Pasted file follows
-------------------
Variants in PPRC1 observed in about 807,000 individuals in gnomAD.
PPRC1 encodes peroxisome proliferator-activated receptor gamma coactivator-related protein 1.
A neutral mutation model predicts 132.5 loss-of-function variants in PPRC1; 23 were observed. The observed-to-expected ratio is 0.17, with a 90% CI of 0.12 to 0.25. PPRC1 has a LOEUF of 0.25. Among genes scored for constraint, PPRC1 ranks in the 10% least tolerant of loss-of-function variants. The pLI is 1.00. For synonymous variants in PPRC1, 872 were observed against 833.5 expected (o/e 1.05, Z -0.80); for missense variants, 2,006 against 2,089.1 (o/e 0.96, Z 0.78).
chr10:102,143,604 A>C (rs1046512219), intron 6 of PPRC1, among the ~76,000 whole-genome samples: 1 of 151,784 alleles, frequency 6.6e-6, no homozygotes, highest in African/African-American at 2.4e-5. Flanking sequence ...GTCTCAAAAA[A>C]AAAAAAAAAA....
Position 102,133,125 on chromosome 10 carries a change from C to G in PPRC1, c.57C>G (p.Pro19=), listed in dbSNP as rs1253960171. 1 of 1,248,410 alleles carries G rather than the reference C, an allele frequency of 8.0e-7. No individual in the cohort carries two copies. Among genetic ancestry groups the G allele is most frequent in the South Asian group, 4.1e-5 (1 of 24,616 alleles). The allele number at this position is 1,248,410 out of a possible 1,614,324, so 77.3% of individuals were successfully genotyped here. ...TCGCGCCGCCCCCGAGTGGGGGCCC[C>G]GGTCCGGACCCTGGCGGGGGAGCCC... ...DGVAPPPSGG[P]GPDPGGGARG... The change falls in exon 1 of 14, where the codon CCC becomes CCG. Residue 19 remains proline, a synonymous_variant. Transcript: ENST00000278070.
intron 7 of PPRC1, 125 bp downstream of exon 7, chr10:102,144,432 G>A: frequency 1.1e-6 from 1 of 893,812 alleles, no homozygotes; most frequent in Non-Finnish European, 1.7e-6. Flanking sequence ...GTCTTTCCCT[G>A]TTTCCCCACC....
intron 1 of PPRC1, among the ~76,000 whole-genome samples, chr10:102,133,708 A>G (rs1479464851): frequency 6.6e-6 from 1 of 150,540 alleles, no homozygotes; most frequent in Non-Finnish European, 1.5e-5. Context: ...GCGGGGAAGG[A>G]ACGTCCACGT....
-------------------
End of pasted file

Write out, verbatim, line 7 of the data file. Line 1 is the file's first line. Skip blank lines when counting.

intron 1 of PPRC1, among the ~76,000 whole-genome samples, chr10:102,133,708 A>G (rs1479464851): frequency 6.6e-6 from 1 of 150,540 alleles, no homozygotes; most frequent in Non-Finnish European, 1.5e-5. Context: ...GCGGGGAAGG[A>G]ACGTCCACGT....